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#iDR24 offered the opportunity to explore and engage with content across three paths: Cancer, Methodologies and Rare diseases. Guided by three REMEDi4ALL partners, participants attending each path could discuss with guest speakers from around the globe latest advances in the field and share experiences and learnings.  


Led by the Anticancer Fund (ACF), the cancer path focused on a range of topics like trialling repurposed drugs with access to patients in mind or selecting the strongest repurposed drug candidates to move to the clinic.  

Sanford Simon, Professor at Rockefeller University, USA was a guest speaker in one of the sessions and stated: “I am very excited by both what I heard at the meeting and the potential for the future in bringing together all these stakeholders: The regulators, funders, scientists, clinicians, and patients. It was a powerful mix.”  

Professor Ruth Langley of the MRC Clinical Trials Unit at University College London considers #iDR24 to be a unique and excellent multidisciplinary event that brought together academics, clinical trialists, potential industry partners and regulators to focus on opportunities for drug repurposing. 

Patricia Vandamme, Policy Officer at ACF valued the fact that speakers shared their personal journey as a parent and/or a caregiver and underlined their commitment to patients: “They demonstrated that their daily work with repurposed drugs can have a huge impact on patients with rare cancers and with few therapeutic options, by addressing unmet medical patients’ needs”.   

Pan Pantziarka, Programme Director Drug Repurposing at ACF, emphasized the field’s fertile ground for innovation, with patients always at the forefront: “Though repurposing drugs can be a complex endeavour, with the right people and partners, the impact for patients can be immense”.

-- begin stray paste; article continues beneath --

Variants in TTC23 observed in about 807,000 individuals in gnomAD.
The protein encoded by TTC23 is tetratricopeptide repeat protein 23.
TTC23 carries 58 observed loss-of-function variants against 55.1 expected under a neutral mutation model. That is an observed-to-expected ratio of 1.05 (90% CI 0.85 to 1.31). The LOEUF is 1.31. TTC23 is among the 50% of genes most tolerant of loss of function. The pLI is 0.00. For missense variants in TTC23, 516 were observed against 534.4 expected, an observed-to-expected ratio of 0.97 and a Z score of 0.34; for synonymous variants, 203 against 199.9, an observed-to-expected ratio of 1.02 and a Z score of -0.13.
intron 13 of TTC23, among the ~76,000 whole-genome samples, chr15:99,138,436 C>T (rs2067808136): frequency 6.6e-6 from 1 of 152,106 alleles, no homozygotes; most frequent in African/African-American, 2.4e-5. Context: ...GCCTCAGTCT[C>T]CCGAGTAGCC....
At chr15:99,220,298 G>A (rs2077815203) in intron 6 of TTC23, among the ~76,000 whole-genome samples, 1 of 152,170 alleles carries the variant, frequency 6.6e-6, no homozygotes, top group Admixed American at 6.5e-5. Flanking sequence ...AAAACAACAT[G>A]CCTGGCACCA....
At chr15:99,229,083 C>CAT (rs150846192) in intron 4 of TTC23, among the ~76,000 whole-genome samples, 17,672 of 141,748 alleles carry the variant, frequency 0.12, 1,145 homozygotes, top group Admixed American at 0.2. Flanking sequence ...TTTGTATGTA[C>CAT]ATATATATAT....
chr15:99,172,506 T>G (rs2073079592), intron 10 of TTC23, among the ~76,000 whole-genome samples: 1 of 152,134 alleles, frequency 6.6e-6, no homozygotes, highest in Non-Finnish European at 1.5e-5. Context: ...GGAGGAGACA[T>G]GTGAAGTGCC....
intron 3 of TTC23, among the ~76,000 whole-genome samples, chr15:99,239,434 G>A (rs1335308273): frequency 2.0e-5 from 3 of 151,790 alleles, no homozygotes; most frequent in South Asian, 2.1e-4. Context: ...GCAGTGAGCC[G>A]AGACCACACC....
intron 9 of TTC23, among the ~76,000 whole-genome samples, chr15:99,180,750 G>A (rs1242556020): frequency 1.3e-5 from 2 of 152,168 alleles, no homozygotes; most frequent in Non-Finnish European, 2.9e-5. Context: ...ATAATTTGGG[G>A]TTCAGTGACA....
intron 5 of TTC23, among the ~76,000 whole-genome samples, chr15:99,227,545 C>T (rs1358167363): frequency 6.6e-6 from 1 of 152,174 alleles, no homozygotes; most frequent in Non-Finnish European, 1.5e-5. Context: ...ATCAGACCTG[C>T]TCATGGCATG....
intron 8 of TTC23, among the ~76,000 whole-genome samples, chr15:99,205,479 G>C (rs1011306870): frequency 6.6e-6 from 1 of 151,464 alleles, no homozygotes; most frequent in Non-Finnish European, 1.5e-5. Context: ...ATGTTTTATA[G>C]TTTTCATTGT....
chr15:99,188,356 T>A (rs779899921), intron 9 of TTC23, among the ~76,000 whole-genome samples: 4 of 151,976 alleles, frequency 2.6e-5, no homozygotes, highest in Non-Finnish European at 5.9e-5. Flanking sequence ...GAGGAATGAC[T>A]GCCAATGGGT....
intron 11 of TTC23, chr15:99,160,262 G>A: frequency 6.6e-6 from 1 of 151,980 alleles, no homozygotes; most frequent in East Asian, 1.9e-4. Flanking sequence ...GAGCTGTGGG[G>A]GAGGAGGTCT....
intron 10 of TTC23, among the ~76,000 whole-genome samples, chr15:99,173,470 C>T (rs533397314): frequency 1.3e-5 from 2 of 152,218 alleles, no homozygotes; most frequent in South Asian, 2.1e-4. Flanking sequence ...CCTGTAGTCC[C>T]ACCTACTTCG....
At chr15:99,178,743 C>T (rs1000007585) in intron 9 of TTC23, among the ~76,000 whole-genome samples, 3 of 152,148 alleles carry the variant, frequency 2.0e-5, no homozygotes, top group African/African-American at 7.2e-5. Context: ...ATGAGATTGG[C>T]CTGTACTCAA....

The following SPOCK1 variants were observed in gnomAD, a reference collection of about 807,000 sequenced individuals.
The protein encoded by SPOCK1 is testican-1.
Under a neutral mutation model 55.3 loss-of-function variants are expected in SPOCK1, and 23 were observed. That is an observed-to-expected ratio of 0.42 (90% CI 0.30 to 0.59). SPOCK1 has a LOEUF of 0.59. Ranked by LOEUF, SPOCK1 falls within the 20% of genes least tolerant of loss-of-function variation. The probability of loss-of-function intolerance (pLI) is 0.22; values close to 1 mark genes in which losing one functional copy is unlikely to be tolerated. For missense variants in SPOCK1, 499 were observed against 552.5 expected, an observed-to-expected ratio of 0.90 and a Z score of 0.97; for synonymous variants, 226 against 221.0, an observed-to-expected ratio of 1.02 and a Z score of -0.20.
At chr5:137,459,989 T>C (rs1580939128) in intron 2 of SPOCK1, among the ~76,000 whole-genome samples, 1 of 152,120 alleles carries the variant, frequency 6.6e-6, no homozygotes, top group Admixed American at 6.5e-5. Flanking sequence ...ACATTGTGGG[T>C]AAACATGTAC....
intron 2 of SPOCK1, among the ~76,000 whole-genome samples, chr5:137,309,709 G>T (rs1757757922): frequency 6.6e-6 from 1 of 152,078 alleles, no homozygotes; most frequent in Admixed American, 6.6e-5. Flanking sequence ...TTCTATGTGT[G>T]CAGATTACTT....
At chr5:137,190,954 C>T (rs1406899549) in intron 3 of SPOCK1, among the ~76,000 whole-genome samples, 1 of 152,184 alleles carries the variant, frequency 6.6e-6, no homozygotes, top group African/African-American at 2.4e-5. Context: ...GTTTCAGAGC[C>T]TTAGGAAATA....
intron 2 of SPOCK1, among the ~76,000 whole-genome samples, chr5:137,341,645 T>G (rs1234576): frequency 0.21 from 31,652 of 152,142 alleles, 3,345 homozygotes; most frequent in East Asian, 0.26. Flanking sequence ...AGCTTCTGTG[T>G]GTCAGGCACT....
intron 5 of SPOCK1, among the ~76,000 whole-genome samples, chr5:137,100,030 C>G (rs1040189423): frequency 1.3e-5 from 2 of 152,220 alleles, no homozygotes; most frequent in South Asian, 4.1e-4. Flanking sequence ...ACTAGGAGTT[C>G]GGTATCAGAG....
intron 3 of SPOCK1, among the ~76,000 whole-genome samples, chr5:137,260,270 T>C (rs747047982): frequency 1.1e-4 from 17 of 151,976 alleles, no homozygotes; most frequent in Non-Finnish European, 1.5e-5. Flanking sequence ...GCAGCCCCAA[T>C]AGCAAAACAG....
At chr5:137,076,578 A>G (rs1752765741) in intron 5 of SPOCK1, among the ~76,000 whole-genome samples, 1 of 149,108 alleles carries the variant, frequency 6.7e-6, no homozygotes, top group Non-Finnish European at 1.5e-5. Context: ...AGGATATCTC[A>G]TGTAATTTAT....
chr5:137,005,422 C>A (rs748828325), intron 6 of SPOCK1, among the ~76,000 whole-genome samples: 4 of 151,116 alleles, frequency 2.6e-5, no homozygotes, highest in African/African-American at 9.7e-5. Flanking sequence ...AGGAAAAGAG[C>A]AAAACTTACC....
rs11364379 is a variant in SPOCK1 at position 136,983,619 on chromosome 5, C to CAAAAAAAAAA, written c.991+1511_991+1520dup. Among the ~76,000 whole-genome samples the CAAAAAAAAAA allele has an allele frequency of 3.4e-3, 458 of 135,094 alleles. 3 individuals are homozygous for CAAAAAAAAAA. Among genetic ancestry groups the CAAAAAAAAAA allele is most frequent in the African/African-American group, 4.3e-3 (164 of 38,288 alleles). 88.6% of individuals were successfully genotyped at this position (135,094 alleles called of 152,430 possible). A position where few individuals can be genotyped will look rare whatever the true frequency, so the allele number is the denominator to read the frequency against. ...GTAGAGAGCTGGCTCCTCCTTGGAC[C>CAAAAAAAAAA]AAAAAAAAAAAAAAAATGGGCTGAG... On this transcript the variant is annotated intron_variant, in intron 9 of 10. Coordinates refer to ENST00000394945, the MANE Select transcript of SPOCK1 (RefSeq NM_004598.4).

Fraunhofer, a renowned research organisation based in Germany, spearheaded a stream dedicated to drug repurposing methodologies. Engaging keynotes explored various themes, including the transition from discovery to clinic and the role of methodological advancements in unlocking the promises of drug repurposing. Johanna Huchting, a Postdoctoral Scientist at Fraunhofer ITMP Screening Port, highlighted the synergy among experts from different fields, stressing the need for innovative approaches to ensure the success of repurposing projects: “Drug repurposing needs innovative approaches in preclinical and translational research to turn repurposing projects into success stories for the benefit of all” she concludes.  

Rare diseases  

Led by the UK charity Beacon for Rare Diseases, a satellite stream addressed the evolving landscape of rare diseases and the transformative impact of drug repurposing in this field.  

Speakers underscored the crucial role of cross-sector collaboration and patient-centric initiatives in addressing the challenges posed by rare diseases. Powerful testimonials from patients highlighted the real-world impact of repurposing efforts, emphasizing the need for streamlined access to newly repurposed treatments. According to Mary Rose Roberts, COO at Beacon for Rare Diseases, #iDR24 illuminated the transformative potential of drug repurposing in the rare disease community, emphasizing the importance of overcoming challenges to ensure patient access to life-saving treatments. “Speakers emphasised how success hinges upon cross-sector collaboration and placing the patient perspective at the forefront of all initiatives” declares Roberts. 

According to Beacon for Rare Diseases CEO, Rick Thompson “powerful testimonials from patients and advocacy groups highlighted the real-world impact of repurposing, with one speaker sharing a personal account of how a repurposed drug had saved her life”. Speakers stressed the need to look beyond the development stage and focus too on facilitating patient access to these newly repurposed treatments. As aptly stated by Shira Strongin, “a drug that works means nothing if you can’t get it to patients”. 

In summary, #iDR24 showcased the collaborative efforts and innovative solutions driving advancements in drug repurposing across cancer, rare diseases, and methodologies. As the conference concluded, it left attendees motivated to continue their efforts to make transformative changes in patient care and treatment accessibility.